Medical Detoxification Programs in Wichita KS
Medical detox is a process of medically supervised management of the rapidly progressing, and severe symptoms of withdrawal from drugs or alcohol. In medical detox, the patient is given medication to taper the elimination of drugs or alcohol from the body.
Reactions to the abrupt discontinuance of drug use can be alarming and stressful for the body. With medical detox, the tapering, or slowing of the process, relieves the strain on the individual and lessens the severity of the symptoms of withdrawal. The body begins to detox within 6-30 hours of the patient's last use of the controlled substance.
Find this and other addiction treatments by calling Wichita Drug Treatment Centers at (316) 768-4392.
Types of Detox Programs
- Natural - Often termed "Cold turkey," this type of detox is completed without medication to relieve withdrawal symptoms. There is abrupt discontinuance of the substance and no tapering of the addiction.
- Medicated detox - Withdrawal symptoms are managed through medication.
- Medical detox - Patient is medially tapered off of the controlled substance, or a replacement drug may be utilized to slow the detox process.
- Inpatient - Inpatient detox is supervised by medical personnel in a treatment facility or hospital.
- Outpatient - This detox method is utilized with long-term methadone and suboxone medical replacement therapy for opiate detox. Detox may take several months to complete using this method.
Medications used for treatment include:
- Suboxone (buprenorphine and naloxone) - A partial opioid agonist indicated for treatment of opioid dependence.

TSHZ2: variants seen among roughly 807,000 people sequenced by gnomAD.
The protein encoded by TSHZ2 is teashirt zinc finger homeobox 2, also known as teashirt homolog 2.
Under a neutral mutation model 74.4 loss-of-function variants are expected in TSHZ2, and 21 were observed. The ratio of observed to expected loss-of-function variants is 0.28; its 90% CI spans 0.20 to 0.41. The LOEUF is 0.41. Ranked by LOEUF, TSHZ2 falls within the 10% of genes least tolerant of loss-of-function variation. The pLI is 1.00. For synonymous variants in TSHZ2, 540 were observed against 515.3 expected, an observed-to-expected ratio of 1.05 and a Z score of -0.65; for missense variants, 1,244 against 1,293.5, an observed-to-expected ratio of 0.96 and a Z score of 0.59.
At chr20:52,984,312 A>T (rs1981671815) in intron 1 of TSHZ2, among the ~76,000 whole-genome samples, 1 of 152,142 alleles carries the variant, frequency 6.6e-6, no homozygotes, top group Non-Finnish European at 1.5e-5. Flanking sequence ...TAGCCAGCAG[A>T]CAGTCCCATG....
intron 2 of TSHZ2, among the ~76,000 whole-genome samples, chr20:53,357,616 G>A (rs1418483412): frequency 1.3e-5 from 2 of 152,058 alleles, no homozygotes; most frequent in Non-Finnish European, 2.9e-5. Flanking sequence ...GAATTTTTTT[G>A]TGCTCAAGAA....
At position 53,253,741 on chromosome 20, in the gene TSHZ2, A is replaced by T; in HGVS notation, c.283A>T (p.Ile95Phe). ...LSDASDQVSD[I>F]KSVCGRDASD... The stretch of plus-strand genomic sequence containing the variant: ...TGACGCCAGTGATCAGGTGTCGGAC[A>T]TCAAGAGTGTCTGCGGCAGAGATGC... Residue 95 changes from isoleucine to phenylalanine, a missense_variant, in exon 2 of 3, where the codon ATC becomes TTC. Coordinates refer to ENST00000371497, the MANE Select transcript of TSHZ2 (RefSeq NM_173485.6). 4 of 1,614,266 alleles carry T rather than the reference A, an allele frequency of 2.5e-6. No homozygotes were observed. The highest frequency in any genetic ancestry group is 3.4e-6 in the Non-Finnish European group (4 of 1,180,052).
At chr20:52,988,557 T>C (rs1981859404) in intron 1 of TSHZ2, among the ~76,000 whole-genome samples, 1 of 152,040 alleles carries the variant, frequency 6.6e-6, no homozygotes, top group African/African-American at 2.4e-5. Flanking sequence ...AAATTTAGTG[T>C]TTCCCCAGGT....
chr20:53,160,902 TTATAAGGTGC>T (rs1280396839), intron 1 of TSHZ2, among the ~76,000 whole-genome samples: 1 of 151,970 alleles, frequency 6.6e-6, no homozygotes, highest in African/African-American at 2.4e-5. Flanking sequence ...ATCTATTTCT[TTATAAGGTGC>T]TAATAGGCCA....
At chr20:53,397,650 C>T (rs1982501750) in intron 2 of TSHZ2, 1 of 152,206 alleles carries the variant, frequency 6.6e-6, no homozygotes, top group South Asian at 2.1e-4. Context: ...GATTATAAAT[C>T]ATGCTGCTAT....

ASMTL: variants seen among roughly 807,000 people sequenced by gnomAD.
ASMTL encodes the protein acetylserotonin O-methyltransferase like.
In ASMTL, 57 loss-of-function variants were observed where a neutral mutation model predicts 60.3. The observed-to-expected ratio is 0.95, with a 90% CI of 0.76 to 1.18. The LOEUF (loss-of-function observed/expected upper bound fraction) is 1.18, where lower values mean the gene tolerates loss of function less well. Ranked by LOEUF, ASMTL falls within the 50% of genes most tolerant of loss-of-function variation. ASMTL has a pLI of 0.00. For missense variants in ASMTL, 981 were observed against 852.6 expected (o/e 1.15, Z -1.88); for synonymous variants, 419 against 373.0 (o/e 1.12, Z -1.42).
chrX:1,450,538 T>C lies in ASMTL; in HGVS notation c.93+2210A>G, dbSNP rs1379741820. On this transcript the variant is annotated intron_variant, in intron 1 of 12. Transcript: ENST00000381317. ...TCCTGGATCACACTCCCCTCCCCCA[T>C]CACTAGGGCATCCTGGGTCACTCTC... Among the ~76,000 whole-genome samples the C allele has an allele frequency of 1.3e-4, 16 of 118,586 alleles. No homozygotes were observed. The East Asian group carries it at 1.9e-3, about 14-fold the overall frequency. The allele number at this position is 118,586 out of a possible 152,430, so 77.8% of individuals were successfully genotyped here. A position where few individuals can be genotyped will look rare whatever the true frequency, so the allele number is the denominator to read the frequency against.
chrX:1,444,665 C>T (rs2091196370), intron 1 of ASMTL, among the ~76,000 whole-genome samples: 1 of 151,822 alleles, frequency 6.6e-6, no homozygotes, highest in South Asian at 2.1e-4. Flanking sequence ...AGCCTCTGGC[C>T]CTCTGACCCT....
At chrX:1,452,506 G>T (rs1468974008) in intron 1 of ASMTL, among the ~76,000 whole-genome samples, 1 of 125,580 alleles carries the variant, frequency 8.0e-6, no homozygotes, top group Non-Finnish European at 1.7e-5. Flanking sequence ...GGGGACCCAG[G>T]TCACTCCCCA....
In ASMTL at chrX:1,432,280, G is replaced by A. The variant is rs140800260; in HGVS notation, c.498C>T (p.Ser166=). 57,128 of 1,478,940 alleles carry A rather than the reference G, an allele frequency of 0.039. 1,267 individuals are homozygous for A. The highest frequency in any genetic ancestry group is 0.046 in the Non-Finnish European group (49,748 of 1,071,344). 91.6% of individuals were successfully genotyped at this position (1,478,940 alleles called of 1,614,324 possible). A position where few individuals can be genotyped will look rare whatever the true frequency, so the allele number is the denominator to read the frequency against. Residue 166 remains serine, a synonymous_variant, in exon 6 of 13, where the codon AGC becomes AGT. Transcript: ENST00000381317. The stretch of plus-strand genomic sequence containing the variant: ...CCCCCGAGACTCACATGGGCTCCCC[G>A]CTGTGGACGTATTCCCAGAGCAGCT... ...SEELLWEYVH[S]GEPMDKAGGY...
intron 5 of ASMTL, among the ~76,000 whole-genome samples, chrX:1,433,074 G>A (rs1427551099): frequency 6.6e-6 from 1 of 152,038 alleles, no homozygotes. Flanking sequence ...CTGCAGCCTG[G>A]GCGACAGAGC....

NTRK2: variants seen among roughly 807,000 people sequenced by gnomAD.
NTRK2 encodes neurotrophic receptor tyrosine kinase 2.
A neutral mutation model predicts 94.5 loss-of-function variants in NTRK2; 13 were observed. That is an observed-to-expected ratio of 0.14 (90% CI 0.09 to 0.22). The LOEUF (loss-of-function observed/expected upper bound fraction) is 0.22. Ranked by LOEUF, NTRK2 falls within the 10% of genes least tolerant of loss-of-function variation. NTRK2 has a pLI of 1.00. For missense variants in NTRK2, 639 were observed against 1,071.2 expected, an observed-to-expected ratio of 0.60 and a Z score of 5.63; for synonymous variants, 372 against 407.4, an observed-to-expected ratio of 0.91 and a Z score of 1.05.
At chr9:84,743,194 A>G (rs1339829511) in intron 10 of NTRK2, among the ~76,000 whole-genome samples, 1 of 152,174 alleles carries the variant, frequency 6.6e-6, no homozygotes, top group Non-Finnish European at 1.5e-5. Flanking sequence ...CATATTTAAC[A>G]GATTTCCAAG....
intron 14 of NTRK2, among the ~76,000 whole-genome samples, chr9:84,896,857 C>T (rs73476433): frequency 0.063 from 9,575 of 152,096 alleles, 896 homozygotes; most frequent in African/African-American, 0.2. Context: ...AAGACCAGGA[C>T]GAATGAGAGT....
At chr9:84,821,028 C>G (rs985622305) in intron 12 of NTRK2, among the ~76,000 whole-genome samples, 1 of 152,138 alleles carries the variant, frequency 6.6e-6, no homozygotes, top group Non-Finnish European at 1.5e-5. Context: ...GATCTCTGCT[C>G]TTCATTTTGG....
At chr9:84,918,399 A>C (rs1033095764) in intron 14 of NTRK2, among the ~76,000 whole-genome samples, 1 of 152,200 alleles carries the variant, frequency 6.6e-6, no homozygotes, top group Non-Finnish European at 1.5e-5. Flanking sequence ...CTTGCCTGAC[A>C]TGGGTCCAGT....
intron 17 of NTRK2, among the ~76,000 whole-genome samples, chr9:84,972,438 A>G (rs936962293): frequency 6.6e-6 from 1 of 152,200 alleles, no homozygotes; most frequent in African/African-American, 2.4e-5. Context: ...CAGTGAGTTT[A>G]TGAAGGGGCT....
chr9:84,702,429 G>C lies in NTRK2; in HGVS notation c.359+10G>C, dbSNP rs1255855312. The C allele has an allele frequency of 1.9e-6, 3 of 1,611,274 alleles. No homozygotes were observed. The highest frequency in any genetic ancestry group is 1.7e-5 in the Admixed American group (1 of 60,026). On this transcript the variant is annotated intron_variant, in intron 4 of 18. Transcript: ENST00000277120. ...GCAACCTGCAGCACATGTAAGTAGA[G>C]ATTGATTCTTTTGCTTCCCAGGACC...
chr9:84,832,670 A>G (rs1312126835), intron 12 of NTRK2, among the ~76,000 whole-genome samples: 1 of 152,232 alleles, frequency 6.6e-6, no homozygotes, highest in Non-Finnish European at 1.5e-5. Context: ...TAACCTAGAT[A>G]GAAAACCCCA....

- Methadone - An opioid, methadone reduces withdrawal symptoms and is used as a replacement drug for heroin during detoxification. It is also used during detox for other opiate drugs.
- Naltrexone (Naltrexone hydrochloride) - Naltrexone is a pure opioid antagonist. It works by blocking the effects of opioids.
- Antabuse (disulfiram) - Is used in cases of chronic alcohol abuse. Antabuse disrupts an enzyme that works with metabolizing alcohol. It is used to keep alcoholics from drinking by creating unpleasant side-effects such as nausea, vomiting, cramping, and more.
Why People Should Seek a Residential Treatment Center for Detox?
Detoxification and abstinence alone does not rid the body of cravings, urges, and the physical, emotional, and psychological symptoms of addiction. Drug and alcohol treatment is a complete program addressing all aspects of addiction. Elements of addiction such as the behavioral, psychological, and emotional components, are not relieved by ending drug use.
Without treatment, the addict is unprepared to deal with the mental and emotional issues they will face. Daily living will expose environmental and social triggers that can hamper recovery without the tools, education, support, and guidance gained through treatment and relapse prevention.
Detoxing in a home environment "cold turkey" is very dangerous. The detox process should be completed under medical supervision with trained staff, and is most efficiently done through the medical detox process. Withdrawal symptoms are serious and potentially life-threatening. An emergency cannot be properly anticipated in the home. Chances of a successful detox outcome are greatly lessened without the aid of medical supervision.
Residential drug treatment provides the recovering addict with supervised living accommodations that give the patient the opportunity to gradually assimilate into a normal environment and build a network of resources that they can use in their recovery.
Patients live in an atmosphere of community with other recovering addicts, gain the social skills, and develop through personal growth before moving back into the environments where they will be faced with stressors, triggers, and temptations. The inclusion of relapse prevention programs is especially useful for heroin and other opiate addicts due to the long-term emotional and psychological effects of those drug types.